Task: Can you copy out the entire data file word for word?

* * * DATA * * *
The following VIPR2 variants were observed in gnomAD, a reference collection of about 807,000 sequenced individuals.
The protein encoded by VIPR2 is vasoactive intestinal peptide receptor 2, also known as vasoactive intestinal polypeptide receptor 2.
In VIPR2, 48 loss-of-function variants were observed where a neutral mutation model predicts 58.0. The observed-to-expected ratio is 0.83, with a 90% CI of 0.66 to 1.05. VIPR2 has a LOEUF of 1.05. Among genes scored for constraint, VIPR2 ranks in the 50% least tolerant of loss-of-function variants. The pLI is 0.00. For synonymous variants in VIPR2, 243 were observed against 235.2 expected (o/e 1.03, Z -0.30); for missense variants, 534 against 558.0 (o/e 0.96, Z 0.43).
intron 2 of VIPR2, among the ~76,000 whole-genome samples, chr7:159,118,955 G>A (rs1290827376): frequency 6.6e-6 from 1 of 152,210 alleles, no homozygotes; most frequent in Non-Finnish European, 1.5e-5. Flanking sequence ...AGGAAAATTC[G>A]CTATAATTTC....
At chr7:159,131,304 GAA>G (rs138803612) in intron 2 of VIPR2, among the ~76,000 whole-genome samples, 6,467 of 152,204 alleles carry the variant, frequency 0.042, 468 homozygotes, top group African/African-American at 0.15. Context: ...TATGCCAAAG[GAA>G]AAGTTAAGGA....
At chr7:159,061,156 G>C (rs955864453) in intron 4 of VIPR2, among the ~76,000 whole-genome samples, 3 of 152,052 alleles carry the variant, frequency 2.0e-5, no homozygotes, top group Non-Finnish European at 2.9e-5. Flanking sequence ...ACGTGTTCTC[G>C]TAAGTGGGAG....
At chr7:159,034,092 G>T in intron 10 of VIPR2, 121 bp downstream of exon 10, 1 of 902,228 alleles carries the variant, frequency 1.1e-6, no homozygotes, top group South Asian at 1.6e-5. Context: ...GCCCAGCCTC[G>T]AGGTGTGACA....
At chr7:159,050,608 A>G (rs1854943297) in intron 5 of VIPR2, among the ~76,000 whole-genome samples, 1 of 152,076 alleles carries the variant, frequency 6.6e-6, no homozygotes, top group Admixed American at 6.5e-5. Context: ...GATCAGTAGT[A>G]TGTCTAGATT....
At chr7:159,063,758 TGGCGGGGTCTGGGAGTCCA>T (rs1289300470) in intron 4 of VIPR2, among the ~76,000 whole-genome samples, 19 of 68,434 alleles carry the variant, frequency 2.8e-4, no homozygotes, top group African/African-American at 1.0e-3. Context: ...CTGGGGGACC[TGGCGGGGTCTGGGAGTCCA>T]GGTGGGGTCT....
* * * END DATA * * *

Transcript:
The following VIPR2 variants were observed in gnomAD, a reference collection of about 807,000 sequenced individuals.
The protein encoded by VIPR2 is vasoactive intestinal peptide receptor 2, also known as vasoactive intestinal polypeptide receptor 2.
In VIPR2, 48 loss-of-function variants were observed where a neutral mutation model predicts 58.0. The observed-to-expected ratio is 0.83, with a 90% CI of 0.66 to 1.05. VIPR2 has a LOEUF of 1.05. Among genes scored for constraint, VIPR2 ranks in the 50% least tolerant of loss-of-function variants. The pLI is 0.00. For synonymous variants in VIPR2, 243 were observed against 235.2 expected (o/e 1.03, Z -0.30); for missense variants, 534 against 558.0 (o/e 0.96, Z 0.43).
intron 2 of VIPR2, among the ~76,000 whole-genome samples, chr7:159,118,955 G>A (rs1290827376): frequency 6.6e-6 from 1 of 152,210 alleles, no homozygotes; most frequent in Non-Finnish European, 1.5e-5. Flanking sequence ...AGGAAAATTC[G>A]CTATAATTTC....
At chr7:159,131,304 GAA>G (rs138803612) in intron 2 of VIPR2, among the ~76,000 whole-genome samples, 6,467 of 152,204 alleles carry the variant, frequency 0.042, 468 homozygotes, top group African/African-American at 0.15. Context: ...TATGCCAAAG[GAA>G]AAGTTAAGGA....
At chr7:159,061,156 G>C (rs955864453) in intron 4 of VIPR2, among the ~76,000 whole-genome samples, 3 of 152,052 alleles carry the variant, frequency 2.0e-5, no homozygotes, top group Non-Finnish European at 2.9e-5. Flanking sequence ...ACGTGTTCTC[G>C]TAAGTGGGAG....
At chr7:159,034,092 G>T in intron 10 of VIPR2, 121 bp downstream of exon 10, 1 of 902,228 alleles carries the variant, frequency 1.1e-6, no homozygotes, top group South Asian at 1.6e-5. Context: ...GCCCAGCCTC[G>T]AGGTGTGACA....
At chr7:159,050,608 A>G (rs1854943297) in intron 5 of VIPR2, among the ~76,000 whole-genome samples, 1 of 152,076 alleles carries the variant, frequency 6.6e-6, no homozygotes, top group Admixed American at 6.5e-5. Context: ...GATCAGTAGT[A>G]TGTCTAGATT....
At chr7:159,063,758 TGGCGGGGTCTGGGAGTCCA>T (rs1289300470) in intron 4 of VIPR2, among the ~76,000 whole-genome samples, 19 of 68,434 alleles carry the variant, frequency 2.8e-4, no homozygotes, top group African/African-American at 1.0e-3. Context: ...CTGGGGGACC[TGGCGGGGTCTGGGAGTCCA>T]GGTGGGGTCT....